You can’t help but admire a first-time author who takes on a difficult topic, and succeeds in explaining it in an informative, entertaining way. I’m talking about Erika S. Olson and her new book Zero-Sum Game: The Rise of the World's Largest Derivatives Exchange.

Olson was an eyewitness to the bidding war in 2007 between the Chicago Mercantile Exchange and the Atlanta-based InterContinentalExchange (ICE) for the Chicago Board of Trade. When the Mercantile Exchange and Board of Trade ultimately merged, the result was the financial derivatives powerhouse CME Group.

You’ve heard of derivatives, of course – those little-understood financial instruments that helped bring down American International Group (AIG).

Olson acknowledges that for many people, derivatives are “a mysterious niche of the financial services industry,” one where the participants “fought to remain” an enigma to the outside world “for as long as they could.” While her book is not intended as a detailed study of the derivatives industry – rather, it is to tell the story of a bidding war and merger, and the executives involved –  she does delve into how derivatives are created and traded, without drowning the reader in jargon.

Derivatives, she writes, is “the umbrella term for financial instruments like futures and options, which derive their values from their underlying assets” (e.g., corn, gold, etc). These financial instruments can be used by those who need them as a “buffer against fluctuations” in everything from interest rates, orange juice prices, the cost of a barrel of crude oil, and so on.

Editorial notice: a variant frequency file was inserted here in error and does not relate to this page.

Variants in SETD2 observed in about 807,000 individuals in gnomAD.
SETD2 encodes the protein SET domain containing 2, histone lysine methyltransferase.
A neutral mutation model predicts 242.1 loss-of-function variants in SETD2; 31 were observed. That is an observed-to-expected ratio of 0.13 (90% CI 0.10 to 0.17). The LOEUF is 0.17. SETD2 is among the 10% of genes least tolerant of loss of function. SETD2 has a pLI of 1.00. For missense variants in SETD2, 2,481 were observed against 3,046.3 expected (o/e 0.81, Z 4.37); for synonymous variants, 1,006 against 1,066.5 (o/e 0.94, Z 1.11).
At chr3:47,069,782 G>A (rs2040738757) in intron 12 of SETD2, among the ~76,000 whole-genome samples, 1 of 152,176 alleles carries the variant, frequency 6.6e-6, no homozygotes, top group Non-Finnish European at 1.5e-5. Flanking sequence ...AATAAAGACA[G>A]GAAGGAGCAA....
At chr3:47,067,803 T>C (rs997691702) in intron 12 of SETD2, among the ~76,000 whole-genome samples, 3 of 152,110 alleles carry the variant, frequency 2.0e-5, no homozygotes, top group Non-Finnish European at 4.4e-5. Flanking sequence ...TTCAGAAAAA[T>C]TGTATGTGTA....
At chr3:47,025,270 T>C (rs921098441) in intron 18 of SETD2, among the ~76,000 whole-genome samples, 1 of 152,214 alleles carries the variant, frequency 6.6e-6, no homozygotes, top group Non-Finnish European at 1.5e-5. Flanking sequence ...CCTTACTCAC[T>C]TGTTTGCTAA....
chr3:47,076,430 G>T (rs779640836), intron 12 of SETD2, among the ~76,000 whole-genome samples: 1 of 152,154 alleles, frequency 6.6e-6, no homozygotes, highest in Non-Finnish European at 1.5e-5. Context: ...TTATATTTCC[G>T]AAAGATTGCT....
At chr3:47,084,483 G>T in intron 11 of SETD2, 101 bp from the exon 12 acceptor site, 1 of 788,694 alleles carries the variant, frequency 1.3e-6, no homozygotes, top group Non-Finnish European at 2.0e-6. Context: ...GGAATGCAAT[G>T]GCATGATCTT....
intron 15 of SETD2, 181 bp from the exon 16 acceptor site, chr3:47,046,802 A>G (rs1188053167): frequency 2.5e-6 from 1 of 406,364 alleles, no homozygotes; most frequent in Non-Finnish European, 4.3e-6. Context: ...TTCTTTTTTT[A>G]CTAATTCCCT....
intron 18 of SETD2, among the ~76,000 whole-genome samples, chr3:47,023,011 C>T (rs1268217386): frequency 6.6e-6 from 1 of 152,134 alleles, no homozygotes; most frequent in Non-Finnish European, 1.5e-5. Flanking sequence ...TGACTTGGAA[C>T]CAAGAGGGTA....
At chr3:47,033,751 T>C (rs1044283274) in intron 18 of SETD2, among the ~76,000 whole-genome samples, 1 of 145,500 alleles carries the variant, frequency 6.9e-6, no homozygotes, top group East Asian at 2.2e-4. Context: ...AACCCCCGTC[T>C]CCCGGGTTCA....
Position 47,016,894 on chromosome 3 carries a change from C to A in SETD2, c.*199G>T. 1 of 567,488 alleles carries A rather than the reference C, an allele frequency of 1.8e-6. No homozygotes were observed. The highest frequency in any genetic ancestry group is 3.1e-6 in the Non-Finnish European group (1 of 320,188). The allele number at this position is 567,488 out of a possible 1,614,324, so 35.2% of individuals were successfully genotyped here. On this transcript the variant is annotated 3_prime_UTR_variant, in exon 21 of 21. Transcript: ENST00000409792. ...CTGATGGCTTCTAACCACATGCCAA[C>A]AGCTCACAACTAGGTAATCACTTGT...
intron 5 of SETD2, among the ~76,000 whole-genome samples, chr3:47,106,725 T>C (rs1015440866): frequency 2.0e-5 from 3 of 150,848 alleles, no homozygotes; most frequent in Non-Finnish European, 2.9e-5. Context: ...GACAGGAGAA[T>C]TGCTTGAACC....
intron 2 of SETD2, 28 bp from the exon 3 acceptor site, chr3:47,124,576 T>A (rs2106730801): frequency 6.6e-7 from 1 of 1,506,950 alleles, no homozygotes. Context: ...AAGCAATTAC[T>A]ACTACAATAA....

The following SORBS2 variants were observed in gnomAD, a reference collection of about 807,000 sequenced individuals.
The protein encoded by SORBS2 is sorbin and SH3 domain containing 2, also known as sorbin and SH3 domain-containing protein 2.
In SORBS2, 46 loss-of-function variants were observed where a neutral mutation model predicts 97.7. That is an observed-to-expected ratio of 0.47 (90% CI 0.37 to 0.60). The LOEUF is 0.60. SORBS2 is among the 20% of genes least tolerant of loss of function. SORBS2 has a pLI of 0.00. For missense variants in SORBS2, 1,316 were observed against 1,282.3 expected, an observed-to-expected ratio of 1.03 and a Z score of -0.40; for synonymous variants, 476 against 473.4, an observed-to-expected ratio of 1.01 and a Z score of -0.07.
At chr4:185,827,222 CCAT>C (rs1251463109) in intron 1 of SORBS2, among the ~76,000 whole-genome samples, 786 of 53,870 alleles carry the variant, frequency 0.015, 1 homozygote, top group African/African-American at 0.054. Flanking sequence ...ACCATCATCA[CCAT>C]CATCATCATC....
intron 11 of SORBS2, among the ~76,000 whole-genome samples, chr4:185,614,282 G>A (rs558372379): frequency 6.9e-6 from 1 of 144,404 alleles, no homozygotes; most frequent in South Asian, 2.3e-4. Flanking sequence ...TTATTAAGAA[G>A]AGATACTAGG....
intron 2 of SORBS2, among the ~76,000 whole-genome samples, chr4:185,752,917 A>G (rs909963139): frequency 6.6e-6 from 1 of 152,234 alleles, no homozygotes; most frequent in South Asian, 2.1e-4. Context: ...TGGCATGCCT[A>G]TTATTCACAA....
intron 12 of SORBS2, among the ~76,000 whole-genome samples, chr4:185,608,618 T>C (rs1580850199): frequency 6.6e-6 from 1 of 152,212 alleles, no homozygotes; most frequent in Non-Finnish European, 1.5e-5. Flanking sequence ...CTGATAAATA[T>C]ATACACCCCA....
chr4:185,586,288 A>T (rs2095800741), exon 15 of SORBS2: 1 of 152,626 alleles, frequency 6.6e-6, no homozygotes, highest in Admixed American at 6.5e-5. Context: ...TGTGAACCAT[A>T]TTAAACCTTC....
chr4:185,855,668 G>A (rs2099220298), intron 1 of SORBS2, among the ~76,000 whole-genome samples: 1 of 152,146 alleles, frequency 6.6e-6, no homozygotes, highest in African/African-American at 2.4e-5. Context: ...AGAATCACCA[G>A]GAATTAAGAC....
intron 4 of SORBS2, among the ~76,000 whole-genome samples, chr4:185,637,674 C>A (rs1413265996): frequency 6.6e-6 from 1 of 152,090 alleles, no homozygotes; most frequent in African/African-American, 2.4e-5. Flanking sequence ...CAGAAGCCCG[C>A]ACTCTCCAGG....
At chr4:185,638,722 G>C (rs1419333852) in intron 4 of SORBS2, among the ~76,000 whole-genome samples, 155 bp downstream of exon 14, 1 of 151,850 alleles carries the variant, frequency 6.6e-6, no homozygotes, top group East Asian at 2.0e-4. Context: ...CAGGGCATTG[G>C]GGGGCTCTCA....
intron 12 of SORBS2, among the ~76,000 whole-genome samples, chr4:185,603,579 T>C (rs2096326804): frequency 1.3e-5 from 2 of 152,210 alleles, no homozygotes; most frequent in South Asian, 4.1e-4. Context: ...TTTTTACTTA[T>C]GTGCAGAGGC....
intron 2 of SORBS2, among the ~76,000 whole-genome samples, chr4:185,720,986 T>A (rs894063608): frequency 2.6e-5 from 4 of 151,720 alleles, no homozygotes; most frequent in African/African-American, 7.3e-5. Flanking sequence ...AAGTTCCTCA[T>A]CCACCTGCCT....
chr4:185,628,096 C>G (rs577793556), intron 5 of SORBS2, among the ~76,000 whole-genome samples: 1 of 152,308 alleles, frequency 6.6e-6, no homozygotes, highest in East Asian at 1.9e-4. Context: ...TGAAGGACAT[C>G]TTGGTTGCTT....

The title of the book, Zero-Sum Game, may make you think it is a how-to guide on negotiation tactics. The book will certainly be of interest to anyone completing their MBA and slogging through coursework on negotiations, as it brings a real-life merger to life. However, Olson does not try to impose one of those “lessons learned” concluding chapters that authors often feel obligated to provide to readers.

Rather, Olson leaves it to readers to determine their own “lessons learned.” One way this approach benefits Olson’s book is that instead of having to try to “prove” some arbitrary list of “rules” for negotiation throughout her text, she can instead concentrate on what I think was her real objective in the book – to focus on the human element of a business story, an element that is often missing from MBA case studies and similar documents. Zero-Sum Game is very strong when it comes to capturing the role that human emotions play in a high-stakes merger.

My only criticism of this book is that it could have benefited from an appendix or two providing some more information about derivatives and their evolution over time.

Maybe something about how they differ from other risk related financial products like say, insurance.

Olson could also have gone into more detail about how, in her view, the role of derivatives are misrepresented and their economic benefits are frequently misunderstood. Olson might have included more material to help the reader differentiate how derivatives are used to legitimately manage economic risk from how their more exotic varieties can be used to enable what amounts to gambling. Instead of managing risks, this gambling with exotic derivatives can help create risks.

These issues aside, Olson’s Zero-Sum Game: The Rise of the World's Largest Derivatives Exchange is a an entertaining read and well worth your attention.